Credential management is another kind of web app vulnerability that deals with passwords and usernames of victims. This revolves around getting hold of passwords of any user and then using those accounts as their own. As the name suggests, it deals with the privacy of the credentials that we fill in our accounts. They can use it as wrongfully as they want, like sending messages on the victim’s name and may never get caught. And so it becomes a challenging task to find the people behind it.

  1. 5. Security Misconfiguration

Security misconfiguration is a kind web app vulnerability which occurs because of not changing the default keys and passwords, having unnecessary services which are running on the system, or even any list enabled on the server which reveals essential information. Moreover, running outdated software like WordPress plugins, or timeworn PhpMyAdmin can also be a major contributing factor.

Security misconfiguration can occur at any level of application stack and requires thorough attention of developers and administrators to make sure that the stack is configured correctly. It is essential that you update your software regularly and must know proper and complete knowledge about its security.

Preventions of web apps ulnerabilities

As we have discussed briefly how many kinds of drawbacks we have in our web apps, it has become essential to find a way to prevent them.

1. Use of different language

The easiest way to cope up with a particular problem (e.g., a buffer overflow, SQL injection, etc.) is to use proper language. By doing so, we can prevent ourselves as it becomes harder for the attacker to get through your data if they cannot figure out the language.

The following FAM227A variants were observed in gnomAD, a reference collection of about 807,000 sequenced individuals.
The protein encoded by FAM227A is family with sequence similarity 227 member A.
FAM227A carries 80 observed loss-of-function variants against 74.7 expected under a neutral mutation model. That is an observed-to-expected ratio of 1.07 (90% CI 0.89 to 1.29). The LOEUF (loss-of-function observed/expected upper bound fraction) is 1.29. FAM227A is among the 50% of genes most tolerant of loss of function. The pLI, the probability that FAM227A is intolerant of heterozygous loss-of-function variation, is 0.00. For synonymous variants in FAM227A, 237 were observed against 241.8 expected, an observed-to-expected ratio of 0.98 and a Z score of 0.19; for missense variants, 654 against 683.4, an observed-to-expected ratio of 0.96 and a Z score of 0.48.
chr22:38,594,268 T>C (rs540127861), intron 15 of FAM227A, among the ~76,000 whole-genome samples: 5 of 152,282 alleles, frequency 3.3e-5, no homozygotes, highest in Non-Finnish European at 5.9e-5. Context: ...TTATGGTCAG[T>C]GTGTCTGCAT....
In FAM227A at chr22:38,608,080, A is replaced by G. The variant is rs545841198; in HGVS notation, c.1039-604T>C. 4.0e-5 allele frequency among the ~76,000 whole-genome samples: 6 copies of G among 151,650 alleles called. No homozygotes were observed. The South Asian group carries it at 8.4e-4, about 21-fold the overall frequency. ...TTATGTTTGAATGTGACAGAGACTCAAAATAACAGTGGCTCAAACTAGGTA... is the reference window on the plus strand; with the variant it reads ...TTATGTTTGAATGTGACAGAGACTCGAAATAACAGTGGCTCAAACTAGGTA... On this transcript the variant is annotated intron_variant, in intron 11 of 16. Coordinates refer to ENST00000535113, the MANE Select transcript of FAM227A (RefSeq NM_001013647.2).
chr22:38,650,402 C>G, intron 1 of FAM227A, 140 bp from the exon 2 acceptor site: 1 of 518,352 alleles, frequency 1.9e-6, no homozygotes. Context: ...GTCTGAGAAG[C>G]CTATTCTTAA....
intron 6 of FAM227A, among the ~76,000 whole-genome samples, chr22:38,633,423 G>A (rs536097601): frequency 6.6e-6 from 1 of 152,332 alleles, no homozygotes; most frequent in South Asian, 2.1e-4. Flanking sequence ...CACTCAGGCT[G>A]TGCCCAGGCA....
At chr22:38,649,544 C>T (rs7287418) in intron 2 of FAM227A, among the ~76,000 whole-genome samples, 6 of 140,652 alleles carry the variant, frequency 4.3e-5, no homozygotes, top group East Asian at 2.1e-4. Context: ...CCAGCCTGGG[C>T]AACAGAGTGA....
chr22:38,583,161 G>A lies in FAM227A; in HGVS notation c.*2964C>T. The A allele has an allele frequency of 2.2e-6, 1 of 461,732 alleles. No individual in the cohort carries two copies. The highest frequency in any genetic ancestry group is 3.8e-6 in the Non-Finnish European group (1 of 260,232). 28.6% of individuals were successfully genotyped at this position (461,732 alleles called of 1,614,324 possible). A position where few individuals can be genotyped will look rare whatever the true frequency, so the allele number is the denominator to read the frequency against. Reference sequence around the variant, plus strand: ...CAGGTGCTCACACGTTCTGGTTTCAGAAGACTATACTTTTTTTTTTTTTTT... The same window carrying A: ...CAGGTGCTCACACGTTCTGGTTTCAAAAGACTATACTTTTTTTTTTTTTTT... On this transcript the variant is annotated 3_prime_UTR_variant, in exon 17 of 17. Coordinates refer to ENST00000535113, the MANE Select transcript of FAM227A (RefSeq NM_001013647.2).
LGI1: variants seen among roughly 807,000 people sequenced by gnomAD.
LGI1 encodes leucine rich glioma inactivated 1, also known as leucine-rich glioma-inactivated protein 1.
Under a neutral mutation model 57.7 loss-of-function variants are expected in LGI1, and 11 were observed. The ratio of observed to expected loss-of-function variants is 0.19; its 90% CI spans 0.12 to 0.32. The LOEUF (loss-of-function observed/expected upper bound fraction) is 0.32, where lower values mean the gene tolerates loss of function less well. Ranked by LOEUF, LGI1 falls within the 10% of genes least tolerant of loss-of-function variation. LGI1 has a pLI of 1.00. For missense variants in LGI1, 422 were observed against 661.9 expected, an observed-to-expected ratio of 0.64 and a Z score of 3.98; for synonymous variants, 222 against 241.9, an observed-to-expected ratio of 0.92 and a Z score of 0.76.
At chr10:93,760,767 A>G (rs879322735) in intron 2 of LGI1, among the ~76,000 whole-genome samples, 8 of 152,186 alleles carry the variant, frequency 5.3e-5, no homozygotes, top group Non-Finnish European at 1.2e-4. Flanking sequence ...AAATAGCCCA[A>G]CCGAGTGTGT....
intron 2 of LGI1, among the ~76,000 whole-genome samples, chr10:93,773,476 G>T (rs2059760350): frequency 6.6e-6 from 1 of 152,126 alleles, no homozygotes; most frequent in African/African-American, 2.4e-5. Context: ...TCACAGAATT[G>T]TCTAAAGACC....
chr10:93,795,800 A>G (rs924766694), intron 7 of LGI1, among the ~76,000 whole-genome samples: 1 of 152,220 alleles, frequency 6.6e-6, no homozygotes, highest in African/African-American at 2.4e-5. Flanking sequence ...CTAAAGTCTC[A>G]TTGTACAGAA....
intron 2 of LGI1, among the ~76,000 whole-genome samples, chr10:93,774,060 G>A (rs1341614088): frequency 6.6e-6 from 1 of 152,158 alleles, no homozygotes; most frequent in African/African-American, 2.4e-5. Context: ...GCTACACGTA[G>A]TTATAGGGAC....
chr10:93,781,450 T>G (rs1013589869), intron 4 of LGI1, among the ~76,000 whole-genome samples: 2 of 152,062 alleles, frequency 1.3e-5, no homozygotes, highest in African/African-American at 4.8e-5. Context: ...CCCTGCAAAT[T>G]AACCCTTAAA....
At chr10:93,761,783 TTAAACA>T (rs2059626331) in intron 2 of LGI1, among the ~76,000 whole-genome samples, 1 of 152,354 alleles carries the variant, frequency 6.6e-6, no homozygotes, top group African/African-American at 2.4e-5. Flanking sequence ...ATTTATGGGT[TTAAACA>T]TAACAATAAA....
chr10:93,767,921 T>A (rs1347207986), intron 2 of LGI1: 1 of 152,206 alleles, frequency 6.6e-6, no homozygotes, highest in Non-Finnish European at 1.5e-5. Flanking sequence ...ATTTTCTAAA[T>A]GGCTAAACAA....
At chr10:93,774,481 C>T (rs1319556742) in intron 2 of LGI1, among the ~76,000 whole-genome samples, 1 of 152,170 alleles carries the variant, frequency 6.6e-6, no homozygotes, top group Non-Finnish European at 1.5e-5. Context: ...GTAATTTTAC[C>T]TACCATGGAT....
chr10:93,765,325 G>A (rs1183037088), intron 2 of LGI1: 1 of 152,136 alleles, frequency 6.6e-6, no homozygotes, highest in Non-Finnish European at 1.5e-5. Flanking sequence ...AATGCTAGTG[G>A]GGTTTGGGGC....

2. Employee training

Another workable plan is to train the employees working at cybersecurity in a better way so that they can easily undo the act of mistakes or not make any mistakes in the first place. They can also prepare better ways to prevent web apps if they are more trained and educated.

3. Use updated equipment

The very first approach that should also be made is that we try to improve all the machinery that is used in cybercrime department crimes. Also, we should try to use better equipment ourselves that is more secure with our data and has a more excellent security system in them.

4. Safer Passwords

If possible, we should try and keep passwords that are harder to guess or passwords that are not too easy for an attacker to catch. We should avoid those passwords that are way too complicated or way to unchallenging.

5. Verify content

It is a significant precautionary step for civilians as they go to any content without even looking into it. It means that we should always first try to verify the kind of content we are using from the referrer header of the material.

It’s better to be wary than sorry

Hence, in a nutshell, we have lots of web app sensitivities to deal with, and we know the ways to deal with them so we should try our best to imply these precautions and prevention in real life and save ourselves from such hazards of web applications.

The post Web application vulnerabilities: what are they and how to prevent them? appeared first on Big Data Made Simple.